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Community Scope 2018 Issue 2

2018, Issue 2

St. Louis CDFI Coalition Case Study

A case study from the Federal Reserve Bank of St. Louis

I. CDFI Partnership Genesis and Structure

The St. Louis CDFI Coalition (Coalition) traces its roots to the winter of 2015, when representatives from CDFIs in St. Louis and the Federal Reserve Bank of St. Louis recognized that, in order for the local CDFI industry to realize its potential, CDFIs needed to work more closely together. The St. Louis Fed began hosting meetings with representatives from six CDFIs, all of which remain active with the  Coalition:

  • Alliance Credit Union
  • Gateway CDFI
  • IFF
  • International Institute
  • Justine Petersen
  • St. Louis Community Credit Union
  • Rise Community Development
  • First Financial Credit Union

The initial meetings served as an opportunity for representatives of local CDFIs to get to know each other on a personal level as well as to understand  the products and services each of their organizations offered. While some of the individuals knew each other, others were meeting for the first time. In particular, the initial meetings sparked ideas regarding how CDFI credit unions and loan funds can work together.

The St. Louis Fed agreed to host and facilitate the meetings and the agendas were determined by the CDFIs. After a few monthly meetings, it became apparent that the group was interested in learning about best practices among CDFI collaborations across the country. Members of the Coalition realized that they did not have sufficient time to conduct this research on their own, so they hired a team of graduate students from Washington University in St. Louis and the University of Missouri–St. Louis. The best practices report, completed in May 2016, continues to serve as a guide for the  Coalition.1

One of the recommendations from the report was for the Coalition to establish a minimal organizational structure that included a fiscal agent and an external organization, besides the St. Louis Fed, that could facilitate meetings while also accomplishing necessary administrative tasks between meetings. The Coalition heeded this advice and chose not to incorporate as a separate organization. They have designated the Community Builders Network of Metro St. Louis (CBN) — an association of St. Louis-area nonprofit community-building organizations — to be the fiscal agent. Additionally, the Coalition has hired an employee of CBN on a part-time basis to facilitate meetings and accomplish needed administrative tasks. The Coalition’s relationship to CBN provides a link to neighborhood-based nonprofits, which are key partners of CDFIs. The St. Louis Fed, meanwhile, has remained engaged as an advisor to the Coalition.

In early 2018, the Coalition created an advisory board of non-CDFI partners as a means to solicit feedback and suggestions regarding the organization’s strategic direction. The Coalition actively sought a mix of perspectives from the public, private and nonprofit sectors. In addition to the St. Louis Fed, other organizations represented on the advisory board include the city of St. Louis, Opportunity Finance Network, US Bancorp Community Development Corporation, PNC Bank, Washington University in St. Louis and Urban Strategies (a community-building nonprofit organization). The advisory board had its initial meeting in March 2018 and will meet quarterly.

In addition to creating the advisory board, the Coalition opened up membership to all CDFIs in the St. Louis area in January 2018 and is actively recruiting members. Rise Community Development and First Financial Credit Union joined the founding six CDFIs that make up the Coalition. Each Coalition member pays annual dues and the Coalition continues to meet monthly.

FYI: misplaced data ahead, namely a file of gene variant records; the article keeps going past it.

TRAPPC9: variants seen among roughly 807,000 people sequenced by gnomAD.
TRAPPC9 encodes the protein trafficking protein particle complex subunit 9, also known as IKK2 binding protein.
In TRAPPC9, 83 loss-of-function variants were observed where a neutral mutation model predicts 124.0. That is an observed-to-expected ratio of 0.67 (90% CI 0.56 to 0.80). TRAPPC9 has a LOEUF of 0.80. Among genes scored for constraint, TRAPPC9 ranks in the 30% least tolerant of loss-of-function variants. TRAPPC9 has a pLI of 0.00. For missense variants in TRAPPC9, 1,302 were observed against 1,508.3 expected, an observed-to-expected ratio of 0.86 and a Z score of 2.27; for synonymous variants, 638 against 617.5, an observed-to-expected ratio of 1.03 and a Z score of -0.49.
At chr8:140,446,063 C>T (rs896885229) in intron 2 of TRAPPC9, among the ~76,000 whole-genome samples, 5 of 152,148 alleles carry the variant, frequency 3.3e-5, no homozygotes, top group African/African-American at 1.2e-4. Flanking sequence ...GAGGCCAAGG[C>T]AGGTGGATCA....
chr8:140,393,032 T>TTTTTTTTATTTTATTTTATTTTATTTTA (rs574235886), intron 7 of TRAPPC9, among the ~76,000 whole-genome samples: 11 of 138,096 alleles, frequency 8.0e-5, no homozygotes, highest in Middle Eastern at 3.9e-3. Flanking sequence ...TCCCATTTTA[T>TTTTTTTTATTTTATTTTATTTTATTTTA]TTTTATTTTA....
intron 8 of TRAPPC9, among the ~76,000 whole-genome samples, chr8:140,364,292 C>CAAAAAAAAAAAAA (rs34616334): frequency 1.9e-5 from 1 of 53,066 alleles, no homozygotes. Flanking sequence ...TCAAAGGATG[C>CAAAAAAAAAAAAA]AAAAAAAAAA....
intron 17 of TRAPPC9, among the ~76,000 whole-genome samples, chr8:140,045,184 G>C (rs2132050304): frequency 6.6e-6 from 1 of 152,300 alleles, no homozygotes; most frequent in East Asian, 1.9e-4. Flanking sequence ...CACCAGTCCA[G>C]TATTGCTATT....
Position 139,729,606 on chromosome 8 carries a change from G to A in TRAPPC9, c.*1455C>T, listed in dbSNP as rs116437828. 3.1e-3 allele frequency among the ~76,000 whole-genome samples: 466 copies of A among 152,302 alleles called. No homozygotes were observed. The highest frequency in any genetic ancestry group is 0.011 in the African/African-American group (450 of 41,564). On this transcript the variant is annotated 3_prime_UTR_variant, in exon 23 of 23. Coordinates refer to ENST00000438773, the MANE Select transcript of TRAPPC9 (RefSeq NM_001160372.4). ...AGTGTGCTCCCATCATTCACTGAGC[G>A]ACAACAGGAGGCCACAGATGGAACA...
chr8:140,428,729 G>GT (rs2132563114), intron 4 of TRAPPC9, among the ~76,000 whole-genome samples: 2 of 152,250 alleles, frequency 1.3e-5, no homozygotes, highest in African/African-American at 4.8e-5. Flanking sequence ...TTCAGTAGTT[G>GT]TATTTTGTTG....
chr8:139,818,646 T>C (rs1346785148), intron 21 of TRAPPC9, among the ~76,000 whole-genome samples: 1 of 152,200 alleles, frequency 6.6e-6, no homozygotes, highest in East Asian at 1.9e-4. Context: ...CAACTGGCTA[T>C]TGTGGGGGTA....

Photo credit: St. Louis CDFI Coalition

Members of the St. Louis CDFI Coalition and staff from the St. Louis Fed at a strategic planning meeting in 2017.

II. Goals and Achievements

The initial goal of the Coalition was to establish deeper connections and, through relationship and trust building, build the CDFI industry in St. Louis. Over the last three years, members have developed a strong bond. Below are the Coalition’s current goals and tactics to accomplish them:

  • Promote positive financial strategies and policies for underserved communities
    • Form partnerships with trade associations and advocacy organizations where synergies exist to advance policy work
    • Increase peer awareness and ability of individual CDFIs to advocate on behalf of the entire CDFI sector
  • Drive strong partnerships with key community stakeholders, including policymakers, banks and practitioners
    • Create an advisory board that consists of leaders from multiple sectors and perspectives
    • Identify stakeholders invested in the work of CDFIs
  • Raise awareness of the critical role CDFIs play in community development and the services they offer
    • Create a unified and accessible message about the spectrum of work performed by CDFIs
    • Publish a regular series of op-eds that explain the importance of CDFIs and advocate for tools that support the creation of healthy communities
  • Collaborate to drive innovative financial tools for high-impact community investors
    • Evaluate the possibility of creating a collective fund as another mechanism to raise capital for CDFIs in St. Louis
    • Obtain collective funding streams to support the ongoing work of CDFI collaboration in St. Louis

The Coalition has begun to make progress. As previously mentioned, the Coalition formed an advisory board. They have also demonstrated the ability of individual CDFIs to advocate on behalf of  the entire industry. Maria Langston from the St. Louis Community Credit Union noted, “We are fortunate to have a person on staff that focuses exclusively on public policy. Prior to our involvement with the Coalition, our advocacy strategy focused on credit unions. Now we have learned about the value of CDFI loan funds and the ways in which a depository institution can partner with them. As a result, we now advocate for the entire CDFI industry, including loan funds.”